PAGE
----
Scanning photos to create digital files

Getting photos into the computer

There are different processes for scanning negatives and 35mm slides. I have no experience with negatives or slides, but there seems to be a lot of good advice availableon the internet for working with these types of materials.

scannerMy photo collection consists of new images, which were taken with smartphones and digital cameras, and scans of old family photos and documents. My scanner and the scanner software are part of my all-in-one printer. The scanner part is a flatbed scanner which is in the top part of the printer.

The process I follow:

  1. Clean off the scanner bed:
    1. Blow dust off or wipe with a microfiber cloth
    2. If there are smudges on the glass, you can dampen the microfiber with just a little water. Some sources say you can use rubbing alcohol, but that seemed to damage my microfiber.
    3. Make sure the scanner bed is dry before you use it, or the moisture might damage the photos.
  2. Make sure your own hands are clean and dry.
  3. Blow or gently brush dust off the photo to be scanned.
  4. Lay the photo or a group of photos on the glass bed, face down.
  5. In my case, I click the Scan button in the scanner program on my PC. This generates a preview on my PC monitor. I can see if the photo or photos need adjusting on the glass bed of the scanner. Often, the image is crooked or may even fall outside the bounds of the scan area.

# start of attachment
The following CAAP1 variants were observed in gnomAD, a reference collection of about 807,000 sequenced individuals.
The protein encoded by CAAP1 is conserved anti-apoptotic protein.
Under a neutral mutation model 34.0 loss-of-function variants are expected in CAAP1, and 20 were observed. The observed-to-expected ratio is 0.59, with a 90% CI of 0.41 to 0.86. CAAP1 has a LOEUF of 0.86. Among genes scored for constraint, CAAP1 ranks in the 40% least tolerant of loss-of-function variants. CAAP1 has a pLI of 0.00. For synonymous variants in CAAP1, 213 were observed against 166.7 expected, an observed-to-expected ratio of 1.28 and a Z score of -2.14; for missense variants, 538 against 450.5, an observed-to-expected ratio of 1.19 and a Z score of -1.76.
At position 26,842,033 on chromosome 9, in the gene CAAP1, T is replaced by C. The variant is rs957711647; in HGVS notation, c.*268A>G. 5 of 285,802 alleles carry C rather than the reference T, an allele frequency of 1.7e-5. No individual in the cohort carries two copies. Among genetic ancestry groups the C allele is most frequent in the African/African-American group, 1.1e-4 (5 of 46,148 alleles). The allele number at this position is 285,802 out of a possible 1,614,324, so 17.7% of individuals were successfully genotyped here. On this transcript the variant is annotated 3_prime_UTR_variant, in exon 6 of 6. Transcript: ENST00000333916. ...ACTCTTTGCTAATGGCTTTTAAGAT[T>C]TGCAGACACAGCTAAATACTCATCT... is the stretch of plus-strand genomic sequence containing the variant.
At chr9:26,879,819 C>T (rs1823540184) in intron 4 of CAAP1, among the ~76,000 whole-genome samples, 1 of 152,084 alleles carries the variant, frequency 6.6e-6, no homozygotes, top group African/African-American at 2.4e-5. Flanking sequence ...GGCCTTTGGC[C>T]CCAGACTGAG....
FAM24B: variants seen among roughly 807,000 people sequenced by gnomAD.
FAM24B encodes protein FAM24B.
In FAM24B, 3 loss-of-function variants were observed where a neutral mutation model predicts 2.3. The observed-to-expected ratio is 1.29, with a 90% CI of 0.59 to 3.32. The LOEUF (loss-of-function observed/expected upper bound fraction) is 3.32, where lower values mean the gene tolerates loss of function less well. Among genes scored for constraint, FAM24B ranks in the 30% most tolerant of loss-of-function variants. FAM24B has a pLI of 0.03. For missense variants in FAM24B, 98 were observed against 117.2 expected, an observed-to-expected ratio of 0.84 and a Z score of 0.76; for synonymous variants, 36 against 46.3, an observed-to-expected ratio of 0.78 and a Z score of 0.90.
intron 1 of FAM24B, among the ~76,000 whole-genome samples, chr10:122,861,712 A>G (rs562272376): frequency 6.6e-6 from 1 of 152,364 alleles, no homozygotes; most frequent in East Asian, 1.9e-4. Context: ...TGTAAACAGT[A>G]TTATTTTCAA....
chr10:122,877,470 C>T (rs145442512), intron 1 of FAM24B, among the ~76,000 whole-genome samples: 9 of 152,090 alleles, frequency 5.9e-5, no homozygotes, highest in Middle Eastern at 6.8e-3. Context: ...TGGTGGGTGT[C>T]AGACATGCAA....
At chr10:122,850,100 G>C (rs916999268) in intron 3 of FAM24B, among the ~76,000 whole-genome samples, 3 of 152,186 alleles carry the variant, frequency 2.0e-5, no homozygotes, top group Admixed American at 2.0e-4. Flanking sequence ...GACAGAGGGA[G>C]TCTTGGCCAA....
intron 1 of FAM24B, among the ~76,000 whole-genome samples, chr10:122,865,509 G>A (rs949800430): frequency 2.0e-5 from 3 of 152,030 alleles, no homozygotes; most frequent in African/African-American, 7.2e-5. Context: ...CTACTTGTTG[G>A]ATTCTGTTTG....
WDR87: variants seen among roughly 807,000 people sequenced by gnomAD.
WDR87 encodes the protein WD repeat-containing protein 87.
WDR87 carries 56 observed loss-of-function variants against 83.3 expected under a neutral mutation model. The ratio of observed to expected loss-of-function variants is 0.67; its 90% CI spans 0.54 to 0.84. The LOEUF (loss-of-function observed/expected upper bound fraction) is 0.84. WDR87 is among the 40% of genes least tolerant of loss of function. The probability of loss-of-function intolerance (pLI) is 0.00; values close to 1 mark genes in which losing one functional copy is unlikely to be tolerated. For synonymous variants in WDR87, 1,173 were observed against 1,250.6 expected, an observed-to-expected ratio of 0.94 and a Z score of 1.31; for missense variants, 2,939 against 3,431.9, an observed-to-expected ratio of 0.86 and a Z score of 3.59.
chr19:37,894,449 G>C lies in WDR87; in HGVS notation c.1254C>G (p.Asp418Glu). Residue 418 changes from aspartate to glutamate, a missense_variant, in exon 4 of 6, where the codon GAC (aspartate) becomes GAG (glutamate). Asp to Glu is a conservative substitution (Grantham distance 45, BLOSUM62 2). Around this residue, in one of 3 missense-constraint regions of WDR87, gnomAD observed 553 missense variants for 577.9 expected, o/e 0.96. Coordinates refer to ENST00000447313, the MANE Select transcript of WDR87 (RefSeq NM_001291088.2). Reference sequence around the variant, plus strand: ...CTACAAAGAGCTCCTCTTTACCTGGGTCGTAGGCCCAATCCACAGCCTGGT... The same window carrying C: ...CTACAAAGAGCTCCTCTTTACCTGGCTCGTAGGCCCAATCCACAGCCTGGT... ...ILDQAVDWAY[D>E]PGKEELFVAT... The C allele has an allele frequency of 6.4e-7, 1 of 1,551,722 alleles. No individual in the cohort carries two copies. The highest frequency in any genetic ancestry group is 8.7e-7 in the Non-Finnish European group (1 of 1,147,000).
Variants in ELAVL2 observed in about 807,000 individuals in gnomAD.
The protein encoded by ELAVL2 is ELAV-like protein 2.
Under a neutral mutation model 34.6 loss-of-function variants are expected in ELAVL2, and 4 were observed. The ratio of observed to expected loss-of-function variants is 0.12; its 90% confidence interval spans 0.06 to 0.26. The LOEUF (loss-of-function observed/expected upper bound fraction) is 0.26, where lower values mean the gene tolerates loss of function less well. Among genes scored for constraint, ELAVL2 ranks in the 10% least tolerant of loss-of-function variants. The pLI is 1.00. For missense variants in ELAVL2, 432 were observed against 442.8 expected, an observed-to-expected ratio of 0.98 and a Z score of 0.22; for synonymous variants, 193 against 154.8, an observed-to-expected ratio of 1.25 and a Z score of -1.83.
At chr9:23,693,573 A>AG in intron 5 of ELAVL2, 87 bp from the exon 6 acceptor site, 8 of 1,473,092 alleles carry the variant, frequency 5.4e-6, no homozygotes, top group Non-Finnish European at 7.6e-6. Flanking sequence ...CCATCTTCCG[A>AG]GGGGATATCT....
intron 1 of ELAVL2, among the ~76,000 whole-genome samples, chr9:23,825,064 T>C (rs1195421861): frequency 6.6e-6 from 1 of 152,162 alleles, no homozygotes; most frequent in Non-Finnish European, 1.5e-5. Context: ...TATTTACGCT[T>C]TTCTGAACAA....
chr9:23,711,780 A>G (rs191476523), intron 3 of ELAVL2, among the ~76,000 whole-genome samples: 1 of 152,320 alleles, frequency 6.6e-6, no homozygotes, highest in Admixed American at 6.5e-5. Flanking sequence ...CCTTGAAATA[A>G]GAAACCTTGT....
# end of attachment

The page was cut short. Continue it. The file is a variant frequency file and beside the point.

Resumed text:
6. Select an image resolution.
    1. 600dpi is a good general purpose size.
    2. The higher the number, the bigger the resulting digital file will be. But, it’s also true that a higher resolution might allow you to see details in the photo that you may have missed, since you will be able to zoom in more.
    3. Experiment with this number until you arrive at a compromize between desired detail and file size.
  7. Select an image format if the scanner allows it.
    1. If you have plenty of storage place, you might want to choose to save as a .tif file. The TIFF (wikipedia) format is “lossless” and it also allows some metadata (such as title, subject, and tags, for example) to be written right to the windows file. However, .tif files are larger than jpg files.
    2. If the scanner you’re using only outputs to JPG (wikipedia), you can make a copy after the scan and save that copy as tif.
  8. My preferred settings are 600dpi, tif.
  9. Select a destination folder (Windows), name the file, and click Scan.
    1. I save these scans to a folder called “Original Scans” because usually these are not the final copies I want to use for digital video, or for sharing.
    2. Most of the time I am bulk-scanning, with several photos on the scanner glass at a time. I want to cut those apart and save them as individual photos, so at this stage, I don’t bother to rename the original scan.

Scanner software settings dialog

Generally, I try to scan as .tif, to “Original Scans.” Then I open each scan file and cut it up into individual photo files. Each of those gets saved as a jpg. As I save the jpg files they get renamed, sorted into my photo organization scheme, and maybe manipulated and edited a little bit. They get tags assigned also. After that, I open the jpg in Microsoft Paint and save as .tif to a backup folder. All the tags and file names get saved right along with the tif (so both the tif and the jpg have the metadata I’ve created.)